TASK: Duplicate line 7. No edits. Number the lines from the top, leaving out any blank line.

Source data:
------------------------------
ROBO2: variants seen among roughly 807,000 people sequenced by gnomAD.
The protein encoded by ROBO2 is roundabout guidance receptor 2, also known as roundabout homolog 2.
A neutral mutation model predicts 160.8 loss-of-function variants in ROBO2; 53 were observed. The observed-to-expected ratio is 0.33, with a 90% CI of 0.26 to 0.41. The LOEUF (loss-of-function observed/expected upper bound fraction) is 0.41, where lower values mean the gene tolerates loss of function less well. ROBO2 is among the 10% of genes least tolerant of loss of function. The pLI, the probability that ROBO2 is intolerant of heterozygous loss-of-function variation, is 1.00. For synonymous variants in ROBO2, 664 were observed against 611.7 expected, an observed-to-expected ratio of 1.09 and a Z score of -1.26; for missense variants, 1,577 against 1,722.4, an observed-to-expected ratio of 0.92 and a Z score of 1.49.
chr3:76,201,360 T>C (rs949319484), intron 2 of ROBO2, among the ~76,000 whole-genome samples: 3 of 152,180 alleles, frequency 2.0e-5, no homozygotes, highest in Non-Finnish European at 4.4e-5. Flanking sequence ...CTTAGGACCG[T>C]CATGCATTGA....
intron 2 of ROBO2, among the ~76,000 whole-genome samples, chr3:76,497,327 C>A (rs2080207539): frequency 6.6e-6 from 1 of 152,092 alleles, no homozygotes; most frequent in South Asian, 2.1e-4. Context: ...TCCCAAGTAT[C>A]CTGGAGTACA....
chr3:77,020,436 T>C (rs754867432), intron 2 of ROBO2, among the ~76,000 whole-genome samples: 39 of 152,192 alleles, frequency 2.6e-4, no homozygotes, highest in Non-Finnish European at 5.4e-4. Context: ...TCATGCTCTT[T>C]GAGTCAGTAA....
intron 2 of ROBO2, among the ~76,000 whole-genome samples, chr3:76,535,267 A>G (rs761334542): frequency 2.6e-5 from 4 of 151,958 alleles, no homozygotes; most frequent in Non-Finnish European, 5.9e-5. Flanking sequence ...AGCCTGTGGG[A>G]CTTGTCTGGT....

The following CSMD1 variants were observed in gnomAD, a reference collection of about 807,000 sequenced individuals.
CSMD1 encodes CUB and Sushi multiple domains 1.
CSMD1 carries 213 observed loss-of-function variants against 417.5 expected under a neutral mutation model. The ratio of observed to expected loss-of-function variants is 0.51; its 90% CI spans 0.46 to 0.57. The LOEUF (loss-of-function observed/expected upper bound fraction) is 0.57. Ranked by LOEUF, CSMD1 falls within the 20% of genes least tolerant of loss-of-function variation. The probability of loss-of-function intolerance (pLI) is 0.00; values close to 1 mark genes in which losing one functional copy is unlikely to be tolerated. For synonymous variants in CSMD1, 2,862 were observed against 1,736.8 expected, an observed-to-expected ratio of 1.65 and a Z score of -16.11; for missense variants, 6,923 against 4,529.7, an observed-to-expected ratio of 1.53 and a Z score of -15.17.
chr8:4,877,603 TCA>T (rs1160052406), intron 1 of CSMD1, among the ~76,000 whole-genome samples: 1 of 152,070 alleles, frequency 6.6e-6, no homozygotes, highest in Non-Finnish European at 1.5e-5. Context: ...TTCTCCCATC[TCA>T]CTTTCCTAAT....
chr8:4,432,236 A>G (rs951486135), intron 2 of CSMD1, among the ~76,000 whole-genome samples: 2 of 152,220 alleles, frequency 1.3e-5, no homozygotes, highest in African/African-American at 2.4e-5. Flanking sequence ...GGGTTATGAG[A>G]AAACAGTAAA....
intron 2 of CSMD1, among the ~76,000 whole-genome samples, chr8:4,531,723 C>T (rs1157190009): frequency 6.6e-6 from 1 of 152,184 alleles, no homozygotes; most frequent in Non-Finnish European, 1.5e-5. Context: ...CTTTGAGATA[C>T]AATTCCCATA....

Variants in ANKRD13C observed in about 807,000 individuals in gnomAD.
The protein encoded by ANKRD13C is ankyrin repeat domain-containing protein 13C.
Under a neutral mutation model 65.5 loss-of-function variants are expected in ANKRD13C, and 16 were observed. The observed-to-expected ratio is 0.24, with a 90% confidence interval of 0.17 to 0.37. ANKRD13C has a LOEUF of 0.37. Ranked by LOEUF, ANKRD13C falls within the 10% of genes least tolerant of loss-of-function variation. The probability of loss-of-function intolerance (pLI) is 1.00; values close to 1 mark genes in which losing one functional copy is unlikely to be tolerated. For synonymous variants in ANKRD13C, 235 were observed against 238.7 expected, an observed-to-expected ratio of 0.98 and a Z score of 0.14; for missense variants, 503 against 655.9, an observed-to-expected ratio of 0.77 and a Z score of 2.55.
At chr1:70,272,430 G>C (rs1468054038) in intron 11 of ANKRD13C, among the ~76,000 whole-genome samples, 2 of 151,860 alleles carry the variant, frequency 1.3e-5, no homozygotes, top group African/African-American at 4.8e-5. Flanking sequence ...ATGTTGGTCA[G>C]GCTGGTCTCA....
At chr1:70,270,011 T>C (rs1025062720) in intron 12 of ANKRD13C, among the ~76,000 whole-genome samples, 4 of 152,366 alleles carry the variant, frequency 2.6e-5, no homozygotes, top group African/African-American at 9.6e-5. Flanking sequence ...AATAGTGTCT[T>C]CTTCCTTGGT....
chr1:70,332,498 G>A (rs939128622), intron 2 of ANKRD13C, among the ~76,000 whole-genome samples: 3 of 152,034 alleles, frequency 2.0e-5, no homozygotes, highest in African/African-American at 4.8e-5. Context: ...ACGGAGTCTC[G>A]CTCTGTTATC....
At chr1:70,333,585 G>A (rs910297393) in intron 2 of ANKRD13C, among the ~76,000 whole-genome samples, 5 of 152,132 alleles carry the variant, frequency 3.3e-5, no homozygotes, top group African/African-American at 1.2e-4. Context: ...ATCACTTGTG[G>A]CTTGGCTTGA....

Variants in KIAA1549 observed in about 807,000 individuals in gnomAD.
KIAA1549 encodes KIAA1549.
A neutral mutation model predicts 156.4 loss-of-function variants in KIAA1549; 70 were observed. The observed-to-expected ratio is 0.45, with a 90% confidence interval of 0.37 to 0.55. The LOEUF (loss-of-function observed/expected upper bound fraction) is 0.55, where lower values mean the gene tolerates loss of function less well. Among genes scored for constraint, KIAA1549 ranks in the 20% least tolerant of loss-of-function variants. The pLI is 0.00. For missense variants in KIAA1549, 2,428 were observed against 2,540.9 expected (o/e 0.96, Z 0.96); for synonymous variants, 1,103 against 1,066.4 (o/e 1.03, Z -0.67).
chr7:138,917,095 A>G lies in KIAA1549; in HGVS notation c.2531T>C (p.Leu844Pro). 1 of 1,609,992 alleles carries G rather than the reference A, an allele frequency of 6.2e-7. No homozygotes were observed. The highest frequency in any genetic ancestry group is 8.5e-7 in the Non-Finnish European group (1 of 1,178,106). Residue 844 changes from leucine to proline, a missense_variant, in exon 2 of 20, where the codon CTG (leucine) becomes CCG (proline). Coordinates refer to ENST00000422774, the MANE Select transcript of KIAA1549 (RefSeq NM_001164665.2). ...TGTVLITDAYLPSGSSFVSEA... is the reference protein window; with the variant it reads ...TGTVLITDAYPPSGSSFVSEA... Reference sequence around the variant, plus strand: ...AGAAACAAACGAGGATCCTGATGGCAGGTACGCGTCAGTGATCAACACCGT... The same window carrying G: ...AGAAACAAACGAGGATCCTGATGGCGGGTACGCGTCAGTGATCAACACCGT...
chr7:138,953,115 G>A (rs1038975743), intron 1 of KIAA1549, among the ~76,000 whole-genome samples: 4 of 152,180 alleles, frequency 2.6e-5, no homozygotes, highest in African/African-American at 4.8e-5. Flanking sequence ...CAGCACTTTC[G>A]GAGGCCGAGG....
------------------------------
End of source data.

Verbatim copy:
intron 2 of ROBO2, among the ~76,000 whole-genome samples, chr3:76,535,267 A>G (rs761334542): frequency 2.6e-5 from 4 of 151,958 alleles, no homozygotes; most frequent in Non-Finnish European, 5.9e-5. Flanking sequence ...AGCCTGTGGG[A>G]CTTGTCTGGT....